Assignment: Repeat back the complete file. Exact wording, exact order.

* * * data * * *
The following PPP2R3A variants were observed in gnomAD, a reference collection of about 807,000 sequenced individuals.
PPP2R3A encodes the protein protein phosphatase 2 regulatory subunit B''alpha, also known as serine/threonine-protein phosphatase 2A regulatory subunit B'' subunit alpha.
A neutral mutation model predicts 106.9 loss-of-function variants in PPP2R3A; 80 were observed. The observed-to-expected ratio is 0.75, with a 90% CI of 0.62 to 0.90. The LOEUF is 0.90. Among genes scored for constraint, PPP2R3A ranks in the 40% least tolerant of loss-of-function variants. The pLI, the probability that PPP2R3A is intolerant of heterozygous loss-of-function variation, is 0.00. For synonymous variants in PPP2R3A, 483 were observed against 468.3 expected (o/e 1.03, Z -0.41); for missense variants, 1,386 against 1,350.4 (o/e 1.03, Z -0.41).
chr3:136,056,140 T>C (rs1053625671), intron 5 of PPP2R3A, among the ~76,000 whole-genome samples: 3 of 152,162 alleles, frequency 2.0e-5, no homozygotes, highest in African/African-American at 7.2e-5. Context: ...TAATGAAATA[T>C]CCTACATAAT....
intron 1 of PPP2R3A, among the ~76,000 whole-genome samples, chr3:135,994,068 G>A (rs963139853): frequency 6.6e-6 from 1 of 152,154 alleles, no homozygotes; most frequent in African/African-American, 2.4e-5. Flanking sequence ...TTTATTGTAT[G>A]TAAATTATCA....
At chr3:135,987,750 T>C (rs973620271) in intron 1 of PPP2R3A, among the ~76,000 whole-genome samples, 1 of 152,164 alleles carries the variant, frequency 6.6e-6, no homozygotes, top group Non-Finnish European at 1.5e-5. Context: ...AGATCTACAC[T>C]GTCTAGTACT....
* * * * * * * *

The following PPP2R3A variants were observed in gnomAD, a reference collection of about 807,000 sequenced individuals.
PPP2R3A encodes the protein protein phosphatase 2 regulatory subunit B''alpha, also known as serine/threonine-protein phosphatase 2A regulatory subunit B'' subunit alpha.
A neutral mutation model predicts 106.9 loss-of-function variants in PPP2R3A; 80 were observed. The observed-to-expected ratio is 0.75, with a 90% CI of 0.62 to 0.90. The LOEUF is 0.90. Among genes scored for constraint, PPP2R3A ranks in the 40% least tolerant of loss-of-function variants. The pLI, the probability that PPP2R3A is intolerant of heterozygous loss-of-function variation, is 0.00. For synonymous variants in PPP2R3A, 483 were observed against 468.3 expected (o/e 1.03, Z -0.41); for missense variants, 1,386 against 1,350.4 (o/e 1.03, Z -0.41).
chr3:136,056,140 T>C (rs1053625671), intron 5 of PPP2R3A, among the ~76,000 whole-genome samples: 3 of 152,162 alleles, frequency 2.0e-5, no homozygotes, highest in African/African-American at 7.2e-5. Context: ...TAATGAAATA[T>C]CCTACATAAT....
intron 1 of PPP2R3A, among the ~76,000 whole-genome samples, chr3:135,994,068 G>A (rs963139853): frequency 6.6e-6 from 1 of 152,154 alleles, no homozygotes; most frequent in African/African-American, 2.4e-5. Flanking sequence ...TTTATTGTAT[G>A]TAAATTATCA....
At chr3:135,987,750 T>C (rs973620271) in intron 1 of PPP2R3A, among the ~76,000 whole-genome samples, 1 of 152,164 alleles carries the variant, frequency 6.6e-6, no homozygotes, top group Non-Finnish European at 1.5e-5. Context: ...AGATCTACAC[T>C]GTCTAGTACT....